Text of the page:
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Letters to the editor

March 14, 2003 | Page 4

OTHER LETTERS BELOW:
Yes to education, not incarceration
Pentagon hacks get an earful
SF supervisor gets his own "welfare"

Rich getting richer off the backs of the poor

Dear Socialist Worker,

Billionaire Mayor Michael Bloomberg of New York City is demanding that city workers give up $600 million in labor, pay and benefits--while he refuses to raise taxes one penny on his rich friends to meet the budget crisis that happened because taxes on the rich had previously been cut so much. It's the same old case of the rich getting richer off the backs and misery of the poor.

It's amazing how they're trying to get away with this. Watch the bouncing ball. That's what they have the country doing--by worrying about so-called terrorism from abroad.

Bloomberg-style homeland terrorists are doing tenfold more damage here and abroad. Bloomberg could personally give the city workers $600 million and still have more than $400 million left. In my opinion, one man having that kind of money while others die of starvation every day is a crime against all of humanity and the laws of righteousness.

Without dedicated soldiers standing on the front lines--fighting the real war (for social justice) and against billionaire terrorism--people like Bloomberg will be able to continue their authoritarian assault on ordinary working people.

Stanley Howard, Joliet, Ill.

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Yes to education, not incarceration

Dear Socialist Worker,

Elizabeth Schulte's article ("Affirmative Action: Myth and Reality," February 28) does a good job in explaining why socialists should support affirmative action. Though overt, legal discrimination was mostly defeated in the 1960s, institutionalized racism remains a major problem in today's America.

However, Schulte misses one important point: The crunch for college admissions--felt by many students--is due in large part to a system which prioritizes incarceration over education. For example, in the past decade in California, 10 prisons have been built, as opposed to only two public universities. With massive budget cuts looming, universities and community colleges are facing drastic cuts.

Community colleges, which serve more minority students than the public university system, are bearing the brunt of these budget cuts. Two nearby community colleges are being closed, while those remaining will more than double their unit fees.

Not only should we embrace affirmative action, we must put into sharp relief the priorities of a system that builds 10 prisons for every two universities and shutters its junior colleges first.

John Green, Davis, Calif.

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Pentagon hacks get an earful

Dear Socialist Worker,

I work in Alexandria, Va., a bastion of former military officers and defense department employees located right next to the Pentagon. Over 6 percent of Alexandria's residents work for the Defense Department. It is the last place one would expect to find antiwar beliefs boiling over.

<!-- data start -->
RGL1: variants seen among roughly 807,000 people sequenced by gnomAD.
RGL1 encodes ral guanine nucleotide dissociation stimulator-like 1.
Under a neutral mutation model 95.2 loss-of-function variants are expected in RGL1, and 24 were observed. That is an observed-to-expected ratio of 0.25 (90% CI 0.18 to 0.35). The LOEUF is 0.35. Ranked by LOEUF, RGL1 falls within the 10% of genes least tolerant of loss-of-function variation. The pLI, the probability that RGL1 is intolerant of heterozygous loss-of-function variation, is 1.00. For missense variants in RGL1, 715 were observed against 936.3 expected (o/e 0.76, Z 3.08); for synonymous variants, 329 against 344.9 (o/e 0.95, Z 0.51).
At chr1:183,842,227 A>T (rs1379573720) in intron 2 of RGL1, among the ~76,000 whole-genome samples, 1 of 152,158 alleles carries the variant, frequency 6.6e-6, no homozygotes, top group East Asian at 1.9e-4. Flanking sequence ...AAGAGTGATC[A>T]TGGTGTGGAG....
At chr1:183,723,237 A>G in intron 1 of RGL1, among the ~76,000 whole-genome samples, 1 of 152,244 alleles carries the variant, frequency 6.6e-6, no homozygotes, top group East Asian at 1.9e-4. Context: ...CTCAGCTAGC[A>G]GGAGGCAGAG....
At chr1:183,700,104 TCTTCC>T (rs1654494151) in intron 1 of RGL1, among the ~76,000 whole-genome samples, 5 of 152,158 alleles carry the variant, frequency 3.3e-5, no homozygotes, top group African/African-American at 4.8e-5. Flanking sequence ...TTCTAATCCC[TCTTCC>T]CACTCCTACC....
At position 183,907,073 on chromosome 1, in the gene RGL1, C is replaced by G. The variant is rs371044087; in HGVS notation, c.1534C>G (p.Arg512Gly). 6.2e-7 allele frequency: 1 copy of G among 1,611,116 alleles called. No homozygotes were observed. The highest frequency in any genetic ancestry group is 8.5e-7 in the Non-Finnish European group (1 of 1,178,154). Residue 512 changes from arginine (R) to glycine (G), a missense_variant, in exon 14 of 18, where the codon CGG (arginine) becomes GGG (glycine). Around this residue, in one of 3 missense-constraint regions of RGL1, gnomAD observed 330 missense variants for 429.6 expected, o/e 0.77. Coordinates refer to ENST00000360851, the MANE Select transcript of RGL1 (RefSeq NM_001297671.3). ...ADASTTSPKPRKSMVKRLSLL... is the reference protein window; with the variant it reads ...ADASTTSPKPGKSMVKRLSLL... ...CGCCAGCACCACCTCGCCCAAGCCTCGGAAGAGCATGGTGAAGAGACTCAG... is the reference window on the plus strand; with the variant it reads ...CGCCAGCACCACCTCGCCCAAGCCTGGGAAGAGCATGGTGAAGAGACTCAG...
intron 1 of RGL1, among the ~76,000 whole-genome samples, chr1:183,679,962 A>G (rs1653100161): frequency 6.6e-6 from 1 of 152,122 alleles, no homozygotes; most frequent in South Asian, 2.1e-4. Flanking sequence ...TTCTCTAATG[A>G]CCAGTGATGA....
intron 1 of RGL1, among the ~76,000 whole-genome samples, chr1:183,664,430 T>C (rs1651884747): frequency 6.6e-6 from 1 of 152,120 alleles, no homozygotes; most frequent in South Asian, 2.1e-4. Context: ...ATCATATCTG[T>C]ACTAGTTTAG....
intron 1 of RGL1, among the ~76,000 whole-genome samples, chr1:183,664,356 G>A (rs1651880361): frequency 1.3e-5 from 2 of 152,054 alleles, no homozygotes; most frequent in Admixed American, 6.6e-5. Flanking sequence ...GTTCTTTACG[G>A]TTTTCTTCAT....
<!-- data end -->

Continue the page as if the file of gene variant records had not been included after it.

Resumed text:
But according to the Los Angeles Times, more than 600 people packed a high school auditorium in February for a town hall meeting called by Rep. James P. Moran (D-Va.), and they overwhelmingly expressed antiwar sentiments. Two representatives from the Defense Department were given an earful from a raucous audience that thundered into applause whenever antiwar statements were made.

One veteran expressed bitterness about the fact that an administration made up of people who had never been to war was leading the nation into one. One woman, an Iraqi Kurd, stood up and said, "Saddam Hussein has gassed my family. He has cruelly bombed my brothers and sisters. I know what this man is capable of. And I am against this war. Against it! It will solve nothing."

A range of ideas were present within this antiwar crowd. For instance, when Moran called for our troops to be supported should they be sent into combat, no matter what people's disagreements today, he received applause. But the lack of confidence in Bush's war, even in a citadel of patriotic conservatism like Alexandria, shows the potential to fight back today.

Nihar Bhatt, Washington, D.C.

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SF supervisor gets his own "welfare"

Dear Socialist Worker,

I live in San Francisco and work at San Francisco General Hospital. Most of us here live from paycheck to paycheck. Recently, it was discovered that city Supervisor Gavin Newsom, a wealthy mayoral hopeful, received $11 million in business loans from the superrich Getty family--without ever declaring it to the city's Ethics Commission.

Newsom recently sponsored the so-called "Care Not Cash" Proposition N--which cut welfare checks to 2,700 adults. Is this business as usual? If so, we might as well have the former CEOs of Enron and WorldCom running for political positions in San Francisco.

I was going to vote for Newsom for mayor, but now I have my doubts. Before we get screwed by any more greedy politicians, I, and many other voters, think Newsom should come clean.

With what Bush is doing to us and to the rest of the world, it would behoove all politicians to start acting with respect and decency towards common people.

Mark Lum, San Francisco

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